Douda offers to expand Brandon’s taco business from a few trucks to a brick and mortar restaurant across the street from Brandon’s old boss. Similarly to the new truck and $50,000 Douda gifted Brandon in previous episodes, the restaurant would more than likely be another way to help Douda launder his illegally obtained money. Then, just as you can see Brandon’s morality battle with his ambition behind his concerned eyes, Douda asks if he wants to be on a taco truck in February in Chicago. Using the same Chicago weather that killed three people during this year’s polar vortex as a way to make the offer seem like a lifeline for his ambition is one that could ensure Brandon never leaves Douda’s insidious grip.

But, not everyone succumbs to their circumstances. Some on The Chi break out of their cells. Precocious Chicago North Side Academy student Malcolm Whitman (Cayen Martin), who lives in the same south side Chicago neighborhood as Kevin, travels to his prestigious school before the sun rises every morning. Malcolm is what would happen if Kevin had a tethered version in Us that is as eager to discuss shark facts he learned at his school as he is to sell marijuana at that same school, which is largely populated with affluent white students. Malcolm lives in a violent neighborhood and goes to school where he is the only black person, leading him to, admittedly, have no friends. But, he doesn’t succumb to either setback and instead leverages the benefits of both—streets smarts and kids with disposable income—to break free.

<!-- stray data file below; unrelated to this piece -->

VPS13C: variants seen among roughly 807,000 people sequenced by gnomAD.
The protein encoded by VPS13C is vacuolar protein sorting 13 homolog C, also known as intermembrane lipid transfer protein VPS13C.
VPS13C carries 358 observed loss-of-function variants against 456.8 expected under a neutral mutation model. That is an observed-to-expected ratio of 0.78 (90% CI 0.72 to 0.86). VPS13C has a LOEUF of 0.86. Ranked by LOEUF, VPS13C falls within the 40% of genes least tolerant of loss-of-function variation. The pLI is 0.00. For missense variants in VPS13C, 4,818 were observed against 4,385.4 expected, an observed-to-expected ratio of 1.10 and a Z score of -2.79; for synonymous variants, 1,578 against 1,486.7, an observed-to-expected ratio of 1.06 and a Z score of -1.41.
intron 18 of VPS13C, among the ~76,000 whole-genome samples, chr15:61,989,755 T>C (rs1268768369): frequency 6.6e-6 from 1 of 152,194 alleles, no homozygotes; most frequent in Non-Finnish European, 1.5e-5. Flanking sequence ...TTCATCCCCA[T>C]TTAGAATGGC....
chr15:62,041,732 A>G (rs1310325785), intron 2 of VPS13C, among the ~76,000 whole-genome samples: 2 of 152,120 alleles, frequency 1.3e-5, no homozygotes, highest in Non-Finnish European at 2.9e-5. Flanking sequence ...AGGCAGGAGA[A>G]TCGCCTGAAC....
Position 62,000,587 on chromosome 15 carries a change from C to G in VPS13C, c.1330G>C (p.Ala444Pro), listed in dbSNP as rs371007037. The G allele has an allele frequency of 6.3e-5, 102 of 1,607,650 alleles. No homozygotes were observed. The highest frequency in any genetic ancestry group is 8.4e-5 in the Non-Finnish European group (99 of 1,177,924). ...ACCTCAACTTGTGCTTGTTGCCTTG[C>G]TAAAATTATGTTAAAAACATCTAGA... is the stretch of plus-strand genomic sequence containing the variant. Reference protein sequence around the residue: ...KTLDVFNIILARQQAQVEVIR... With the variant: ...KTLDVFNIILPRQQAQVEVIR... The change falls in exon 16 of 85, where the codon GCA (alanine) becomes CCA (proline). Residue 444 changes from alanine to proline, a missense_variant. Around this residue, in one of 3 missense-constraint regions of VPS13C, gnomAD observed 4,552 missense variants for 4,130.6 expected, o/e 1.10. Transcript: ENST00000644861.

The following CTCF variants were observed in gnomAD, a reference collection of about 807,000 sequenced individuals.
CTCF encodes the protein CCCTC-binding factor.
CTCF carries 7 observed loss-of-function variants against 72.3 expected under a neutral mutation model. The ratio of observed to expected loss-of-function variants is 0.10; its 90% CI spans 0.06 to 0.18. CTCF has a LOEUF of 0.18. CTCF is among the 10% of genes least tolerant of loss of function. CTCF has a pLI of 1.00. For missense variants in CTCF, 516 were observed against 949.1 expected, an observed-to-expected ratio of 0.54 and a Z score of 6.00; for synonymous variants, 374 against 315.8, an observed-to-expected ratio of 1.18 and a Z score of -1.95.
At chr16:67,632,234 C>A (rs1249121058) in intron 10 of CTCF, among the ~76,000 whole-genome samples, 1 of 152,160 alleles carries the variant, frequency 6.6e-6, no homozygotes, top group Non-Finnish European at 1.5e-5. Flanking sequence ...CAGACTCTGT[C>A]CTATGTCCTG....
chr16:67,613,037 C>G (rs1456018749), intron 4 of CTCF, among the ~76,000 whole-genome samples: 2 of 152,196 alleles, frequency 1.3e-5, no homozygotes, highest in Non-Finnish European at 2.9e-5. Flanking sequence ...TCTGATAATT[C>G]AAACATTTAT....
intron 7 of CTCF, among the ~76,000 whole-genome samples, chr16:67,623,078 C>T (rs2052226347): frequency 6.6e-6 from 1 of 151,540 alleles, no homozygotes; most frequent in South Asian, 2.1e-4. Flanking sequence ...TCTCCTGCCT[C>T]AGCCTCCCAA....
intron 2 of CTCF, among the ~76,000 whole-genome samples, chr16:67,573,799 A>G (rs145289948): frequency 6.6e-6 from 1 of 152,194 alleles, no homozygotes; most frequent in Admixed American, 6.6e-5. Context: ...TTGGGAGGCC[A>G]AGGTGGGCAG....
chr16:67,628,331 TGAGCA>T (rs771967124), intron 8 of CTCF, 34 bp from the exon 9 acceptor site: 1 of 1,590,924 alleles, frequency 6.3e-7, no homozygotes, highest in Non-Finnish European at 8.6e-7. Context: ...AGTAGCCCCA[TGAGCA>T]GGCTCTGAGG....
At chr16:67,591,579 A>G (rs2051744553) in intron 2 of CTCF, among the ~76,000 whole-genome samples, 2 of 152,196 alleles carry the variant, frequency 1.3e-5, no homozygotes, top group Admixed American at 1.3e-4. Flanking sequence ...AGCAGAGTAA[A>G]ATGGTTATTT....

While Malcolm traveling miles away to simply go to school is liberating, there’s an inherent depressive quality to the fact a child has to travel that far to get better schooling. Data on more than 24,000 eighth-graders enrolled in Chicago Public Schools in the fall of 2008 demonstrated that 25 percent of those children traveled more than four miles from their home to go to school. In contrast, students from affluent neighborhoods during that same period never traveled more than four miles to school.

As the second season of The Chi near its conclusion, it’ll be interesting to see who remains trapped by their situations, who escapes from them, and who finds themselves in ones they never knew existed.

From the Web

More on Vibe

Alex Edelman / AFP) (Photo by ALEX EDELMAN/AFP via Getty Images

‘Chappelle’s Show’ Removed From Netflix At Dave Chappelle’s Request

Chappelle’s Show is no longer streaming on Netflix, at the request of Dave Chappelle. The comedian reached out to the company to ask them to remove the series, for which he received no residuals, and they quickly complied.